The Patrick Ewing coaching ability questions can stop now

The Patrick Ewing coaching ability questions can stop now

The truth is, he is every bit as good at this job as you would expect him to be. Patrick Ewing didn’t choose coaching as a lark, he selected it as a second career. He logged 15 years as an assistant coach in the NBA. He assisted Doug Collins in Washington, and both Van Gundy brothers, and Steve Clifford in Charlotte.

“This is one of the best players in the history of the sport,” Jeff Van Gundy said a few years ago, addressing a topic that, over time, had become something of a Moby Dick obsession for him: Why hadn’t anyone hired Patrick to be a head coach? “And he’s never once taken one of these jobs asking for anything other than a chance to work, a chance to learn, a chance to get better.”

Van Gundy sighed.

“I mean, somebody hired me twice,” he said, laughing. “Don’t you think a guy like that might have something to give?”

Ewing proved that this season, which ended with an 88-77 loss to St. John’s in the first round of the Big East Tournament Wednesday at the place where we first got to know him. The cheers for him this time were a lot more muted than the first time he’d walked on the court back in January. Call it audible respect.

His team finishes the season 15-15 and waits for a possible call from the NIT. Ewing was a little reluctant to tie a bow on the season just yet, asking for time to put it in perspective.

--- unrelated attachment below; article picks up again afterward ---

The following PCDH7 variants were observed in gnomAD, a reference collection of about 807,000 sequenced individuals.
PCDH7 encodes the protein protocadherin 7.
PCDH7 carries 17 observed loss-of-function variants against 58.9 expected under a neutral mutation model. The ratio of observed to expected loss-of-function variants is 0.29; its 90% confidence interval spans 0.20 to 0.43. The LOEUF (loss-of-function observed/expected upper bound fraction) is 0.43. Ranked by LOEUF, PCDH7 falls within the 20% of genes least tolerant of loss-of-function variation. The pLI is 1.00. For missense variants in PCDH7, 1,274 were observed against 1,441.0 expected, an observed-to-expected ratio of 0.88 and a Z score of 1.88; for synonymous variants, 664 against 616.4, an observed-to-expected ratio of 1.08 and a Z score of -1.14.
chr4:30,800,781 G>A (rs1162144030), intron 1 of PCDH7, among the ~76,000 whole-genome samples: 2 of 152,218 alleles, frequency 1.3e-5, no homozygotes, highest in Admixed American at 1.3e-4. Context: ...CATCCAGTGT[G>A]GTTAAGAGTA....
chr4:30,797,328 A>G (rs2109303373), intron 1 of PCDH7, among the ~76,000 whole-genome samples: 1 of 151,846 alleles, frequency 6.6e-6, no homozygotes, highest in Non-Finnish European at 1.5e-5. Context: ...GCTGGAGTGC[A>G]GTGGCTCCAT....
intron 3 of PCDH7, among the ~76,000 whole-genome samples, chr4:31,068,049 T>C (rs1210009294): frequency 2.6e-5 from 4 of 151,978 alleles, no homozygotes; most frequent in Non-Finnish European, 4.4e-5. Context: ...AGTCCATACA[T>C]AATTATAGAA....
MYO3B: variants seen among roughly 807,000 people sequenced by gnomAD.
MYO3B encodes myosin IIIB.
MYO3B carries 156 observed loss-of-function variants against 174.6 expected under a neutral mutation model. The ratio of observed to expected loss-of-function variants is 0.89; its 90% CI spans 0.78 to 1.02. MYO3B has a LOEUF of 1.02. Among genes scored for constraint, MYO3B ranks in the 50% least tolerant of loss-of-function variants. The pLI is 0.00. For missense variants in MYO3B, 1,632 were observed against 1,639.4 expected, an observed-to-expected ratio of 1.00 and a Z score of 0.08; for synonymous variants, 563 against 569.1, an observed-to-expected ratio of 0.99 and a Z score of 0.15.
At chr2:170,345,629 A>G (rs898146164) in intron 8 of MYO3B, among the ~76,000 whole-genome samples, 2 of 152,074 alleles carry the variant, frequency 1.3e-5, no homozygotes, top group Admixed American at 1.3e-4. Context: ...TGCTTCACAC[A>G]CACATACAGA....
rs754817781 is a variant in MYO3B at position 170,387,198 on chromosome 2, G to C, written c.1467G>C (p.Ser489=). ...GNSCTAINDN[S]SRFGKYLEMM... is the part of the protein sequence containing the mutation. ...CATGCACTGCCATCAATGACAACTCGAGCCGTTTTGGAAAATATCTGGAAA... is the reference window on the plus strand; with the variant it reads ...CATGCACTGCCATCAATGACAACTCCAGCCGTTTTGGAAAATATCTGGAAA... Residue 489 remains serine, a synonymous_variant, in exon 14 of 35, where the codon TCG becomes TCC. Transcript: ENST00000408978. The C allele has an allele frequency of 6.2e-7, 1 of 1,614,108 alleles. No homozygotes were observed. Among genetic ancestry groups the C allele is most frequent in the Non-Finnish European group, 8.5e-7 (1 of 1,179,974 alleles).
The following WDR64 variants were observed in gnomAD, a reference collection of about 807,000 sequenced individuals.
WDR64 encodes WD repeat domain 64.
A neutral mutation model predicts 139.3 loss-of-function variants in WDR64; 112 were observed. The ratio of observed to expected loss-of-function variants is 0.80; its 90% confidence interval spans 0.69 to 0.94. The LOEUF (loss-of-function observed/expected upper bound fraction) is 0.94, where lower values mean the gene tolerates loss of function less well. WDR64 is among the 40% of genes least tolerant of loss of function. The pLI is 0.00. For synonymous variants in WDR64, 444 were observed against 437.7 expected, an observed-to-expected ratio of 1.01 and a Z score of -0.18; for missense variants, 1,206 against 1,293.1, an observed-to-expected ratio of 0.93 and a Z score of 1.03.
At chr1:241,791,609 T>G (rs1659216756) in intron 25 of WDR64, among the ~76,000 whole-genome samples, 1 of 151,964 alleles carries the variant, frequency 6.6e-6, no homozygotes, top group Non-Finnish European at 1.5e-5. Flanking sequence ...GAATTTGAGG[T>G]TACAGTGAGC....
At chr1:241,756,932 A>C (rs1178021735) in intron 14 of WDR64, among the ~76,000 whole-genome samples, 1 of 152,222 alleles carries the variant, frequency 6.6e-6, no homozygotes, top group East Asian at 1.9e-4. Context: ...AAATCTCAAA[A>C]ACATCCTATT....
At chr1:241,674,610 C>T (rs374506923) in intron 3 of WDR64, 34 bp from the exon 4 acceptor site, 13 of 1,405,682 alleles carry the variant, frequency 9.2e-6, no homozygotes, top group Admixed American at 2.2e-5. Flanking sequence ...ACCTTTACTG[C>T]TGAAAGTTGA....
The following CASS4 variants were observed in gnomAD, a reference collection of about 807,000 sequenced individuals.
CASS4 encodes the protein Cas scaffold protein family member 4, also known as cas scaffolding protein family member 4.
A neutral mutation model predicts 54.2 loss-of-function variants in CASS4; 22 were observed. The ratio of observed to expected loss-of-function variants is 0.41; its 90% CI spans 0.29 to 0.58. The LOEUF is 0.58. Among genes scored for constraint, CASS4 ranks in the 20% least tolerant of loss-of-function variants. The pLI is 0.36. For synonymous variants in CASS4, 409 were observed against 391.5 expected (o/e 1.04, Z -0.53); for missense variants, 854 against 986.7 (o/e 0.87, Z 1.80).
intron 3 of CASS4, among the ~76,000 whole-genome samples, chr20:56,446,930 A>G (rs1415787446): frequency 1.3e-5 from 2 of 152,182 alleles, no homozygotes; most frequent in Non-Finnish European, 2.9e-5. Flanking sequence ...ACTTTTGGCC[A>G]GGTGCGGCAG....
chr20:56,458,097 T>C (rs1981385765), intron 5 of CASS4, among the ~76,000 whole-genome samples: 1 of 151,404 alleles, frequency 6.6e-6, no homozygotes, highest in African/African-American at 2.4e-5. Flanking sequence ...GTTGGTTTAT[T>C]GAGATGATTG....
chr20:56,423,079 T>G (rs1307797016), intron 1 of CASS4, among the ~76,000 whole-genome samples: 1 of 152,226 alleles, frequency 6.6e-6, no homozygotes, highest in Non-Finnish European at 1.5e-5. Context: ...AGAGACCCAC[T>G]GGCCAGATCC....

“Right now it’s hard to reflect on it,” Ewing said. “I just have a bitter taste in my mouth right now. So I’m going to take a couple days and reflect. Depending on what happens, see if we’re going to get a chance to continue to play and then reflect on it and see. But right now it’s hard to say.”

His longtime foil, Chris Mullin, wasn’t nearly as bashful in his praise.

“He’s the same person he was when I first met him,” Mullin said. “And his work ethic, his discipline, that’s going to carry over to anything he does. Obviously he did that as a player. He did it as an assistant coach in the NBA for many years. I think he’s done a tremendous job in his first year, not only record-wise, but I think the way they play, the type of team. To me it resembles him, they’re aggressive, unselfish, they work hard and he’s very demanding. That’s who he is.”

Later, asked for the zillionth time about the surreal image of him on one bench and Ewing on the other all these years later, Mullin smiled and said, “I know I’d rather coach against him than play against him. It’s a lot easier on my body.”

Ewing impressed all year with his active approach on the bench, even earning a starring role in a social media meme with a pointed huddle critique of one of his best players, Marcus Dickerson, after he’d taken an ill-advised shot against DePaul.

“Step-back, one-legged … what kind of shot is that?” Ewing yelled over the crowd and the pep band at the next time out. “Have you ever shot that shot? Do you work on that shot? When?”

Derrickson scored 24 points in the game. The Hoyas won. Neither was a coincidence.

He has already signed a solid recruiting class, and the thing that’s most evident from this first year: when he has the talent Georgetown is going to be a bear for anyone to play. And where have we heard that one before?

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